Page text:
SCORE Small Business Blog

HR: The Art of Hiring

Key Practices for Small Business Employee Growth

I started my company a few years ago as a solo venture. I knew I had the skills and resources to be successful on my own, but the business’ rapid expansion made employee growth imperative.

All small business owners hope to consistently generate enough revenue so their business can continue to expand. Vital to any company’s growth is staffing the best possible team of individuals. Therefore, as an entrepreneur, understanding the Art of Hiring is essential. I have learned that I don’t need an advanced degree in Human Resource Management to assemble a great team. My company has thrived because of three simple yet effective hiring practices.

1. Assembling the “A Squad” – When putting together a senior team, diversity is key.
We’ve all heard that any boss is only as good as her assistant, but compiling the right management team is just as important. Ideally, you will hire individuals that have diverse business experiences and perspectives. When putting together your ideal senior team, always be honest and mindful of your own knowledge and experience gaps.

Hire associates that bring significant expertise and know-how in different facets of the business. It’s no use hiring someone with the same background as you or someone with the same resume of one of your other employees. The diversity of experience and personality will bring different viewpoints to the table and support the growth of your company.

Personally, I have always had a fly-by-the-seat-of–my-pants, gregarious work style. While this works for me, it means I need someone beside me to focus on the numbers and the million tiny details. I hire with this in mind.

2. All Egos Aside – Find people who are willing to give and get feedback.
In a small and nimble company, you need people who can check their egos at the door. You must cultivate a group of people that are willing to give and take criticism/feedback. The old adage holds true – time is money; the time wasted managing egos in a meeting could be time spent generating more business for the company. No one wants to waste time because associates are unwilling to listen or compromise with one another. Of course, in interviews, everyone will claim to be a great listener — so pick up on cues to see if you agree. See if candidates ask insightful questions that indicate how they’ll perform as part of the team.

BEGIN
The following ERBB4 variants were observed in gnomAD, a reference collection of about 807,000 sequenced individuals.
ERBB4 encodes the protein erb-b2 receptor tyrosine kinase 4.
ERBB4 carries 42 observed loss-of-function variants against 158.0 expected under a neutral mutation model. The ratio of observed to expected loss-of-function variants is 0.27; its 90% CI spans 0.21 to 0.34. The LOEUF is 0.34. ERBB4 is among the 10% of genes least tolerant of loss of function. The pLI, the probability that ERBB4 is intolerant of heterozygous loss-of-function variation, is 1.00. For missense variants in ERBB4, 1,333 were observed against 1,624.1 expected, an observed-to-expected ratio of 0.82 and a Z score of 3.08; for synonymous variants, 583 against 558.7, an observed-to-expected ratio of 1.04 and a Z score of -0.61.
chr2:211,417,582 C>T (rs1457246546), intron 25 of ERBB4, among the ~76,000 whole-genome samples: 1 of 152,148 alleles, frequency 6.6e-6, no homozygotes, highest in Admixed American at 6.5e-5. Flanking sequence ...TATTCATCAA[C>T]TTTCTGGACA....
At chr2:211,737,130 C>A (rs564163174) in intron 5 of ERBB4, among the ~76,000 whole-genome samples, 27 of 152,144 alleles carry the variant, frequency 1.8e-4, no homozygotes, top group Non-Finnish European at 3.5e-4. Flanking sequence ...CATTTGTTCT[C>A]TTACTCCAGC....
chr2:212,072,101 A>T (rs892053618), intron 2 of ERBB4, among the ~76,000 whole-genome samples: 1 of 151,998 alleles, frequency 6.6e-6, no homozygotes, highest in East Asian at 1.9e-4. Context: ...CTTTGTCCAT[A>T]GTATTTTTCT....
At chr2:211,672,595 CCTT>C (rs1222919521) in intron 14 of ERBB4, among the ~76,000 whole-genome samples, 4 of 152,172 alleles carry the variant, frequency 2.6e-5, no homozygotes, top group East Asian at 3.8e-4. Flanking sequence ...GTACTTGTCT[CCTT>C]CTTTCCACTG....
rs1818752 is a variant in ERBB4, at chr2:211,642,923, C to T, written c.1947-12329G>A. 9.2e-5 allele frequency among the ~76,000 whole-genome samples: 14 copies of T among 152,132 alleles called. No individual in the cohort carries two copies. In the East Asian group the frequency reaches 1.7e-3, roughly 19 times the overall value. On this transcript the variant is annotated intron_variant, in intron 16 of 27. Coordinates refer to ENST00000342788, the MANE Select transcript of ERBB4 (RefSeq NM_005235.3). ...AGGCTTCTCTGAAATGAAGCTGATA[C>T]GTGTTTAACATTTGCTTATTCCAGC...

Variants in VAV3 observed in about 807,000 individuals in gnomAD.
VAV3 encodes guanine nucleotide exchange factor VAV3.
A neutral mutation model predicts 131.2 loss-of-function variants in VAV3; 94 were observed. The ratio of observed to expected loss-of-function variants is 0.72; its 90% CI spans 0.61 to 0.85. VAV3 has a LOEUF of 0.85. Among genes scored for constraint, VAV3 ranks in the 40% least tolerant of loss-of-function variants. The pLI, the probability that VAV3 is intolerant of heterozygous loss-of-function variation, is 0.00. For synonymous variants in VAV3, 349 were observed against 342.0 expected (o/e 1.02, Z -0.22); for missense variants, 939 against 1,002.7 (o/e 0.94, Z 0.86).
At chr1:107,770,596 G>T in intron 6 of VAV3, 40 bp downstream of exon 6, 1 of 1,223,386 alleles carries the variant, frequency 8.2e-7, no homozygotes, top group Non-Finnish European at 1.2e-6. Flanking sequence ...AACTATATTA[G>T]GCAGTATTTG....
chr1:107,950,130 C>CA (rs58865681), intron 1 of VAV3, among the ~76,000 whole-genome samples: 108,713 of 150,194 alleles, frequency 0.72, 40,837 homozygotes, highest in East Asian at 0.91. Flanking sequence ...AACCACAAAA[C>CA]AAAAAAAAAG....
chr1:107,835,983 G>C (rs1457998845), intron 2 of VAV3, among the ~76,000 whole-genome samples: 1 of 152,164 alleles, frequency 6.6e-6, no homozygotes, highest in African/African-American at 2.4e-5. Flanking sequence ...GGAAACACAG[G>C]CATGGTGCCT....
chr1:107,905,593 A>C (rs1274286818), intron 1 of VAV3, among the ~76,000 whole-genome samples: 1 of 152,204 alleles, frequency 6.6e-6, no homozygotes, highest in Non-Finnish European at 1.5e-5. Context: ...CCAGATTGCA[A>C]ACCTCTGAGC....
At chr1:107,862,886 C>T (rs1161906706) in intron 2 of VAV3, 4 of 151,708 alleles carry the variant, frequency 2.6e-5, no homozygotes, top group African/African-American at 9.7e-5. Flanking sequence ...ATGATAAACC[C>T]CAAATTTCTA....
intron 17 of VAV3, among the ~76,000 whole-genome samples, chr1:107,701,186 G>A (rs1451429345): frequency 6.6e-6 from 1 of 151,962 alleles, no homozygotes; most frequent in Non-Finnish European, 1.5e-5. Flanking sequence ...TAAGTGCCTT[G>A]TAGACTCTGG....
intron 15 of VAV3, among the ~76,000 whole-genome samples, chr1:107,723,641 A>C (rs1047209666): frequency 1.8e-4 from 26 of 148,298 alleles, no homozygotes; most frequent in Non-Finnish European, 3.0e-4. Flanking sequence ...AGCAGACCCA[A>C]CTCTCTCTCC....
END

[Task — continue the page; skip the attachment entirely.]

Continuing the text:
Most small businesses don’t have HR departments or formal performance management systems – our associates learn skills, expertise and maturity by working and interacting with each other (and giving / receiving honest feedback). Make sure your people can develop and thrive in such an environment, and that they can help their colleagues do the same.

3. The Fit Model – Going with your gut instincts.
At the end of the day, let your gut instincts guide your hiring decisions. You probably already know the types of people with whom you collaborate best. Meyers Briggs and DiSC profiles can provide you personality assessments and classifications, but you are the only one who knows intuitively the types of people you want in your employ.

The key is to make sure all the pieces fit together. What might look great on paper may not work in reality. The best education in the world can’t teach you how to trust your instincts, but you should never ignore them. In the end, if it doesn’t feel right to you, it won’t be right for your company.

These few practices have served me well as an entrepreneur. There are no hard-and-fast rules to the “Art of Hiring,” but adherence to these concepts will surely benefit your business.

Margaret Young, Mills Square Group, Inc. 
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Discussion (2) Comment

  1. It’s hard to trust your “baby” with someone else, but knowing how to build and nurture a good team will alleviate some of the stress and help you transition from sole proprietor to growth and success.

  2. JohnVisitor

    You mention that small businesses don’t have an HR department and that can really slow down the hiring process. Everyone is focused on their core responsibilities and, typically, there is a “deputized” HR lead that has to manage the process. A good way to simplify the process is using The Resumator


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